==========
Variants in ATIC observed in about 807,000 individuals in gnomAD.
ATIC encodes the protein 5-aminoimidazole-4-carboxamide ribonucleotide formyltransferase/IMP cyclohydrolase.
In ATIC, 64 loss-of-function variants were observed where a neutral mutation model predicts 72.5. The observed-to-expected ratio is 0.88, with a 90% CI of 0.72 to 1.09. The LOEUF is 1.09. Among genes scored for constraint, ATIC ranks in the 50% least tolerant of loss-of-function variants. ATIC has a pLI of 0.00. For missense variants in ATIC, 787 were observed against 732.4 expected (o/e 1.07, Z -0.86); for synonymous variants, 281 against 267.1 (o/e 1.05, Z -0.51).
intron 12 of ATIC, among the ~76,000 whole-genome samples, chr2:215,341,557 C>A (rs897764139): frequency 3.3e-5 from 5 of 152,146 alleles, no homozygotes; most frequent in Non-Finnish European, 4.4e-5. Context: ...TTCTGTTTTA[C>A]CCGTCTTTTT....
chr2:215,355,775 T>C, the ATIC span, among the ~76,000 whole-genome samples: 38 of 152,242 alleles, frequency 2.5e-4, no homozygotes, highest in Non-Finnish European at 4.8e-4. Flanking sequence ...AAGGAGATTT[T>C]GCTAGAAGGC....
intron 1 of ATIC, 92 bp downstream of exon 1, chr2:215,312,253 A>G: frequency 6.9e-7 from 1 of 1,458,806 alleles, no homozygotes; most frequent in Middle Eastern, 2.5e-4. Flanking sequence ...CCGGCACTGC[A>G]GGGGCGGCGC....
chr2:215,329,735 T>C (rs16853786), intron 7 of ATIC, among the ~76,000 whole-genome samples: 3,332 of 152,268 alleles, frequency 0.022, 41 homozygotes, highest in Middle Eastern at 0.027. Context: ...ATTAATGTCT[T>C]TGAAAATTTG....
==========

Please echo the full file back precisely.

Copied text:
Variants in ATIC observed in about 807,000 individuals in gnomAD.
ATIC encodes the protein 5-aminoimidazole-4-carboxamide ribonucleotide formyltransferase/IMP cyclohydrolase.
In ATIC, 64 loss-of-function variants were observed where a neutral mutation model predicts 72.5. The observed-to-expected ratio is 0.88, with a 90% CI of 0.72 to 1.09. The LOEUF is 1.09. Among genes scored for constraint, ATIC ranks in the 50% least tolerant of loss-of-function variants. ATIC has a pLI of 0.00. For missense variants in ATIC, 787 were observed against 732.4 expected (o/e 1.07, Z -0.86); for synonymous variants, 281 against 267.1 (o/e 1.05, Z -0.51).
intron 12 of ATIC, among the ~76,000 whole-genome samples, chr2:215,341,557 C>A (rs897764139): frequency 3.3e-5 from 5 of 152,146 alleles, no homozygotes; most frequent in Non-Finnish European, 4.4e-5. Context: ...TTCTGTTTTA[C>A]CCGTCTTTTT....
chr2:215,355,775 T>C, the ATIC span, among the ~76,000 whole-genome samples: 38 of 152,242 alleles, frequency 2.5e-4, no homozygotes, highest in Non-Finnish European at 4.8e-4. Flanking sequence ...AAGGAGATTT[T>C]GCTAGAAGGC....
intron 1 of ATIC, 92 bp downstream of exon 1, chr2:215,312,253 A>G: frequency 6.9e-7 from 1 of 1,458,806 alleles, no homozygotes; most frequent in Middle Eastern, 2.5e-4. Flanking sequence ...CCGGCACTGC[A>G]GGGGCGGCGC....
chr2:215,329,735 T>C (rs16853786), intron 7 of ATIC, among the ~76,000 whole-genome samples: 3,332 of 152,268 alleles, frequency 0.022, 41 homozygotes, highest in Middle Eastern at 0.027. Context: ...ATTAATGTCT[T>C]TGAAAATTTG....